Mr. Wheeler, whose lymphoma was diagnosed in 2000 and recurred in
2003, has been cancer-free since receiving Bexxar. His cancer was
growing when he received the infusion. He thinks he would be dead by
now if he had not received the drug.

Ms. Stephens feels similarly. She was diagnosed with lymphoma in
December 1998, and chemotherapy proved both difficult and ineffective.
By August 1999, her disease was spreading. "Every lymph node in my
body was involved," she said. She received Bexxar as part of a
clinical trial in January 2000 and quickly began gaining strength. She
has remained in remission since, she said.

Zevalin and Bexxar are the first in a new class of drugs called
radioimmunotherapies. Essentially, they deliver radioactive particles
directly to cancerous cells to kill them. Idec, now part of Biogen
Idec, invented Zevalin. Corixa, a Seattle company bought by
GlaxoSmithKline, developed Bexxar. Both drugs are very expensive,
costing about $25,000 per treatment. But one dose is usually enough.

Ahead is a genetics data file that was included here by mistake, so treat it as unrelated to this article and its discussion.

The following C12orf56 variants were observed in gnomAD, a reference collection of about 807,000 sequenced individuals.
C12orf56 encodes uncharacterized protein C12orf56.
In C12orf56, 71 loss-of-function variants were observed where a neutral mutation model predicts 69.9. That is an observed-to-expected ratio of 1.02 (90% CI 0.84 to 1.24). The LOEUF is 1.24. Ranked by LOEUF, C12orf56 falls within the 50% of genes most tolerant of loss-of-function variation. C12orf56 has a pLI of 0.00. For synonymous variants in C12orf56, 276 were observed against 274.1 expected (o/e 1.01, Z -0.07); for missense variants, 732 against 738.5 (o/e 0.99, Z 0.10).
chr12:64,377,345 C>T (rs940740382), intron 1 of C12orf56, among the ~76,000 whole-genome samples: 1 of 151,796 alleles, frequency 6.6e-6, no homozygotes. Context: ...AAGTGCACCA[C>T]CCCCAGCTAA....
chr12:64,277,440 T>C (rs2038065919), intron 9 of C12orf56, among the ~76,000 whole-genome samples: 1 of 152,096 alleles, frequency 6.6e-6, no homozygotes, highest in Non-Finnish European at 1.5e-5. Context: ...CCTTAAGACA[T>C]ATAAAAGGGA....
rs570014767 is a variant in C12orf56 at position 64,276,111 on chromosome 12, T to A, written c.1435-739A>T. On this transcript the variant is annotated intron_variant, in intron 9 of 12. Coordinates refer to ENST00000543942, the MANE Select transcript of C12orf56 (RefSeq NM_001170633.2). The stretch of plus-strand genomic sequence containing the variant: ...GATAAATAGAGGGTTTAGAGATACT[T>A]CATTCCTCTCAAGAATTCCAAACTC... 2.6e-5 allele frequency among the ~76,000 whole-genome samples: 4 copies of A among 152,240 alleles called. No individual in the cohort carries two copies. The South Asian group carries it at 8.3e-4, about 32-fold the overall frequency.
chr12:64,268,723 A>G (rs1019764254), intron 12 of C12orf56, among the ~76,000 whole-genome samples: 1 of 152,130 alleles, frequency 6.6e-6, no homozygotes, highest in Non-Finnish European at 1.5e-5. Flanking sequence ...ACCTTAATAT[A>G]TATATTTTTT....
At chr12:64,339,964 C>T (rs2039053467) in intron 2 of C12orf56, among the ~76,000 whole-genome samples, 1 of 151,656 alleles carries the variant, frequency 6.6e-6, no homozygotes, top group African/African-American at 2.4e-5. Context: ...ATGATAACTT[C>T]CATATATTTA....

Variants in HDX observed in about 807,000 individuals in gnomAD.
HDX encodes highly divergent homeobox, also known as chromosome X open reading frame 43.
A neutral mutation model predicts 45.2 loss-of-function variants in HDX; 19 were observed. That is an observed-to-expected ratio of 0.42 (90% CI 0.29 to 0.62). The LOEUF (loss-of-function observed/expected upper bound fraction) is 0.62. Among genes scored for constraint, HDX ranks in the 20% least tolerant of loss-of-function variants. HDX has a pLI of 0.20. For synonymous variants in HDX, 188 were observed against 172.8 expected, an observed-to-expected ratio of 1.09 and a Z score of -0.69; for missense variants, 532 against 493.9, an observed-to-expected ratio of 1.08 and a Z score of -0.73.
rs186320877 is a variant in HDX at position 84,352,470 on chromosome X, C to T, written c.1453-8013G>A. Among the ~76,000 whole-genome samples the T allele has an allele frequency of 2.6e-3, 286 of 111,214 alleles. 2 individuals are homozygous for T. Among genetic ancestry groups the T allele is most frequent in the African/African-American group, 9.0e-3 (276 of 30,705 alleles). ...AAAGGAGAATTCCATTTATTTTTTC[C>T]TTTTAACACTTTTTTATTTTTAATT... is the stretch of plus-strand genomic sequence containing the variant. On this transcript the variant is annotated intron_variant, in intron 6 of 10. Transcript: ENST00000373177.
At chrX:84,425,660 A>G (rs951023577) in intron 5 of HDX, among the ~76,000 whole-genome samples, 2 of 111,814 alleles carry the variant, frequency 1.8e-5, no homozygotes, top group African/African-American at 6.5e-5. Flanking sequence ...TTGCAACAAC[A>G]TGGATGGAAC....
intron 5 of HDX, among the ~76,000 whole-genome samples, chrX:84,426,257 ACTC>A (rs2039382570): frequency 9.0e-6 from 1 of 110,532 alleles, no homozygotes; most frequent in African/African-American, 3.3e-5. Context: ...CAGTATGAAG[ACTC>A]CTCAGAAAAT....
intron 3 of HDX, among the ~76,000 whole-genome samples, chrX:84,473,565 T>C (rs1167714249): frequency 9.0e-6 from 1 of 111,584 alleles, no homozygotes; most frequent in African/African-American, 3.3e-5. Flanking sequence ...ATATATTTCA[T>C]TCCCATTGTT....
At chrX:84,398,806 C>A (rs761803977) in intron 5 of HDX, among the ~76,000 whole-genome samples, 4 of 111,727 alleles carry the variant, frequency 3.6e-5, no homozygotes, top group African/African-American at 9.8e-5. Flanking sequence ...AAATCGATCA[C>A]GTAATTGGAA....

The cost of the drugs is similar to a full four-month regimen of
chemotherapy and Rituxan, another lymphoma treatment.

For decades, lymphoma has been treated with chemotherapy, drugs that
attack cancer cells but that can have severe side effects. Alongside
chemotherapy, most patients now get Rituxan. It was discovered by
Idec, the same company that found Zevalin, and is marketed in the
United States by Genentech.

The Food and Drug Administration approved Rituxan in 1997. Since then,
the drug has become standard treatment for newly diagnosed lymphoma
patients, based on clinical trials showing that it makes chemotherapy
more effective.

Because lymphoma is relatively common, and Rituxan costs $20,000 for a
typical course of treatment, it is the top-selling cancer drug
worldwide, with sales in 2006 of $4 billion.

Doctors agree that Rituxan is an excellent drug with only minor side
effects for most patients.

Still, the few head-to-head clinical trials that have been conducted
show that Bexxar and Zevalin are as effective as Rituxan, if not